French journalist Ursula Gauthier is preparing to leave China after being effectively expelled by authorities. She was condemned for her article on China's "anti-terror" operations against Xinjiang's Uighur Muslims.
Gauthier, who is based in Beijing and works for the news magazine "L'Obs," is due to leave the Chinese capital on a 1 a.m. flight on Friday (Thursday, 1500 UTC).
Speaking ahead of her departure, she told the AFP news agency that she has been left with "a very strong feeling of surreality" on her last night in Beijing.
Chinese authorities refused to renew Gauthier's press card earlier this month, leaving the journalist unable to apply for a visa. The move came in the aftermath of her essay, "After the attacks [in Paris], Chinese solidarity is not without ulterior motives," published on November 8.
Her report questioned China's motives in expressing sympathy for the victims of the Paris attacks, criticizing that they were calulated to link Beijing's harsh policies in Xinjiang - where most of China's ethnic Uighur Muslim minority lives - with the fight against global terrorism.
Chinese officials said the report justified violence against the government. "The article criticized China's counterterrorism efforts and denigrated and slandered Chinese policies. It provoked the strong indignation of the Chinese public," the foreign ministry said earlier this month.
Gauthier's essay also triggered abusive comments from social media users in China and was condemned by the state-run "Global Times" and "China Daily."
"They wanted me to apologize publicly for my wrongs," Gauthier said, "But my wrongs were all invented by the Global Times."
After receiving death threats, Gauthier said she didn't contact authorities as she "did not expect the police to take the case seriously."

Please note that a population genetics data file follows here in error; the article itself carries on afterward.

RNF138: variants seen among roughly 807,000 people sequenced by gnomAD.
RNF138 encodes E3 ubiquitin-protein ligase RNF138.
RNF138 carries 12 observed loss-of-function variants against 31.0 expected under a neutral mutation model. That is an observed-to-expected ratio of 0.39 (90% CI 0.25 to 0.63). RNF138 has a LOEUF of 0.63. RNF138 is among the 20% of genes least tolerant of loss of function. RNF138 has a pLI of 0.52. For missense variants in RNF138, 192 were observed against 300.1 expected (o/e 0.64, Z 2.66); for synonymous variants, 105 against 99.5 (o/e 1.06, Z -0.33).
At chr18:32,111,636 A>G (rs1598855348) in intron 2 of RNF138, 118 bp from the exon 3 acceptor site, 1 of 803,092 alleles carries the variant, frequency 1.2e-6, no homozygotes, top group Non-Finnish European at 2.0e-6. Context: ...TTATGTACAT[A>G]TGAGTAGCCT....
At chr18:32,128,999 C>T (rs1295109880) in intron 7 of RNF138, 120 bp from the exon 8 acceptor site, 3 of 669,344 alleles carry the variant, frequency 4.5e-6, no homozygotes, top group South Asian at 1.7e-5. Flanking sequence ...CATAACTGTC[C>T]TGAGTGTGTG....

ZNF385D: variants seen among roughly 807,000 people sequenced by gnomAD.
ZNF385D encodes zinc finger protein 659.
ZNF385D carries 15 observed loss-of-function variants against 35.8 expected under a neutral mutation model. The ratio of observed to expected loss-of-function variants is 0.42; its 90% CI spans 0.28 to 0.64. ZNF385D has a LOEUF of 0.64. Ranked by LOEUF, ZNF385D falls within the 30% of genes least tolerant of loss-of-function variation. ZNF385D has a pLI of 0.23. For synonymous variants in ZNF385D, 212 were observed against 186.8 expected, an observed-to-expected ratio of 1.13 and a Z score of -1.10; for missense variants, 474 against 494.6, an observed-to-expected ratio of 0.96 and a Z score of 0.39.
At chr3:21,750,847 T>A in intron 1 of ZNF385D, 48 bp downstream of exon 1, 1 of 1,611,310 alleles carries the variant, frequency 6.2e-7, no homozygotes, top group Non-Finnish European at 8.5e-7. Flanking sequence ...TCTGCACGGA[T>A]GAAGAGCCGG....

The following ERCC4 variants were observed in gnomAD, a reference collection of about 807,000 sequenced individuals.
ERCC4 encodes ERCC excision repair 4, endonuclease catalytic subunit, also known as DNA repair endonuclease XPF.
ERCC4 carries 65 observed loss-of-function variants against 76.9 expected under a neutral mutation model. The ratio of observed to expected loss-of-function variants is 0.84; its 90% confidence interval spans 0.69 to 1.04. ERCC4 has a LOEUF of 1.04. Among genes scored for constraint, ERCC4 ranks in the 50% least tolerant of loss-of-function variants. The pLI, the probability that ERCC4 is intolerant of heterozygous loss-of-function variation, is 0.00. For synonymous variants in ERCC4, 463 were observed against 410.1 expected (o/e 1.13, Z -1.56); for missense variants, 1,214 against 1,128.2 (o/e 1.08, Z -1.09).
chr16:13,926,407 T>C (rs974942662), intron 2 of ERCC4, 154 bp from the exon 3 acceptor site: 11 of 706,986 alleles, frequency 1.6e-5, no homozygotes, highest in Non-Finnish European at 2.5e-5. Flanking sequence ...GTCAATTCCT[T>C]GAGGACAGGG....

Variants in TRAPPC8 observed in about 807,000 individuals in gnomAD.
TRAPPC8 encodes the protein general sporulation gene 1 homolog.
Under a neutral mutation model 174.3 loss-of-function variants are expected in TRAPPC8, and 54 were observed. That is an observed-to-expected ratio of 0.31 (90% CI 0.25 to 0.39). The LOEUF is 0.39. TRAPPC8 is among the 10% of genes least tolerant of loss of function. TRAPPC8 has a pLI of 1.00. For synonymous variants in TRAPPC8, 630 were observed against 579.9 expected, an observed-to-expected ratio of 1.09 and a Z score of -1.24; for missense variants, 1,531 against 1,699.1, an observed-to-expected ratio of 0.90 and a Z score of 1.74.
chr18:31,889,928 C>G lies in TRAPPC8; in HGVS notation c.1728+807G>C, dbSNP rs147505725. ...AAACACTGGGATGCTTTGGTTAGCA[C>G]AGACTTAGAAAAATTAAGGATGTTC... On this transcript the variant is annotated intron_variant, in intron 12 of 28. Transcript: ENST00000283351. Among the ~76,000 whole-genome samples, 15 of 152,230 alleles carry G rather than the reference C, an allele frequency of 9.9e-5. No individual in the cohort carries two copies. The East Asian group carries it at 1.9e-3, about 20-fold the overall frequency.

During a press conference on Wednesday, however, Foreign Ministry Spokesperson Lu Kang rejected Gauthier's claims.
"Ursula Gauthier should go to the police if she really believes she is threatened," Lu said. "Instead she is flaunting it in front of the press which is rather unusual, unless she is doing it for other purposes."
French media uproar
Back home in France, Gauthier's expulsion has sparked outrage among the French media, who have condemned the "abusive treatment" of the journalist.
French daily "Le Monde" also criticized French authorities, describing their "lacking determination" in Gauthier's case as "irresponsible."
Press organization Reporters Without Borders also denounced the incident, calling it "media lynching" and a "campaign of defamation and intimidation" against Gauthier. According to the organization's press freedom index, China sits in position 176 out of 180 countries.
The last time China refused to renew a foreign reporter's press credentials was in 2012 when Melissa Chan, a reporter for Al Jazeera, was accussed of violating Chinese regulations. At the time, Chan's expulsion was the first such case in 13 years.
ksb/msh (Reuters, AFP, AP)